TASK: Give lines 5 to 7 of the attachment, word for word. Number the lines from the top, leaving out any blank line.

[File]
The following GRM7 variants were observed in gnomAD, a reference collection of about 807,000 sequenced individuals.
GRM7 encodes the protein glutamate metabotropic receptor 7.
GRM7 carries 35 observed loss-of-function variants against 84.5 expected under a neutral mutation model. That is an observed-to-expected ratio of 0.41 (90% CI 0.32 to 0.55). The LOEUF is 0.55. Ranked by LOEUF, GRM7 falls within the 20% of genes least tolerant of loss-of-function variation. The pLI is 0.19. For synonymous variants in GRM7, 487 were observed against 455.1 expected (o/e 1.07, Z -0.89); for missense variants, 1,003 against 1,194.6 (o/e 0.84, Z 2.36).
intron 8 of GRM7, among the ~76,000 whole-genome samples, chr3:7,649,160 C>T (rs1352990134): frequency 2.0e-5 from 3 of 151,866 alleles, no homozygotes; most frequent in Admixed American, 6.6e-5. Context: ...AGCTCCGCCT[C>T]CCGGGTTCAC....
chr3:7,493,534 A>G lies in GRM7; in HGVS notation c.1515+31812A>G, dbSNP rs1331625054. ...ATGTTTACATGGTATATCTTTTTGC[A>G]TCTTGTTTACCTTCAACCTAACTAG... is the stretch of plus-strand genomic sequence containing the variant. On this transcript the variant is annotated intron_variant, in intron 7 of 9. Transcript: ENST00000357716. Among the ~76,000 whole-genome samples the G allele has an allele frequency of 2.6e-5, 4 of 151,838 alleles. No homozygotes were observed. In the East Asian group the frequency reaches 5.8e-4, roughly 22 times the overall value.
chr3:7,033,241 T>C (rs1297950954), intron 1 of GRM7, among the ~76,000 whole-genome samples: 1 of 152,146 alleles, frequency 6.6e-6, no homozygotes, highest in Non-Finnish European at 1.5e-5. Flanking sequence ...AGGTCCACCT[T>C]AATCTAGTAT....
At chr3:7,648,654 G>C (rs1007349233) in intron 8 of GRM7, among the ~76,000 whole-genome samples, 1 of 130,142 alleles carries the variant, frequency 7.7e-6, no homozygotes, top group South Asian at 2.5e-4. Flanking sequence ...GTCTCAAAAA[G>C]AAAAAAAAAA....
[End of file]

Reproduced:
chr3:7,493,534 A>G lies in GRM7; in HGVS notation c.1515+31812A>G, dbSNP rs1331625054. ...ATGTTTACATGGTATATCTTTTTGC[A>G]TCTTGTTTACCTTCAACCTAACTAG... is the stretch of plus-strand genomic sequence containing the variant. On this transcript the variant is annotated intron_variant, in intron 7 of 9. Transcript: ENST00000357716. Among the ~76,000 whole-genome samples the G allele has an allele frequency of 2.6e-5, 4 of 151,838 alleles. No homozygotes were observed. In the East Asian group the frequency reaches 5.8e-4, roughly 22 times the overall value.
chr3:7,033,241 T>C (rs1297950954), intron 1 of GRM7, among the ~76,000 whole-genome samples: 1 of 152,146 alleles, frequency 6.6e-6, no homozygotes, highest in Non-Finnish European at 1.5e-5. Flanking sequence ...AGGTCCACCT[T>C]AATCTAGTAT....
At chr3:7,648,654 G>C (rs1007349233) in intron 8 of GRM7, among the ~76,000 whole-genome samples, 1 of 130,142 alleles carries the variant, frequency 7.7e-6, no homozygotes, top group South Asian at 2.5e-4. Flanking sequence ...GTCTCAAAAA[G>C]AAAAAAAAAA....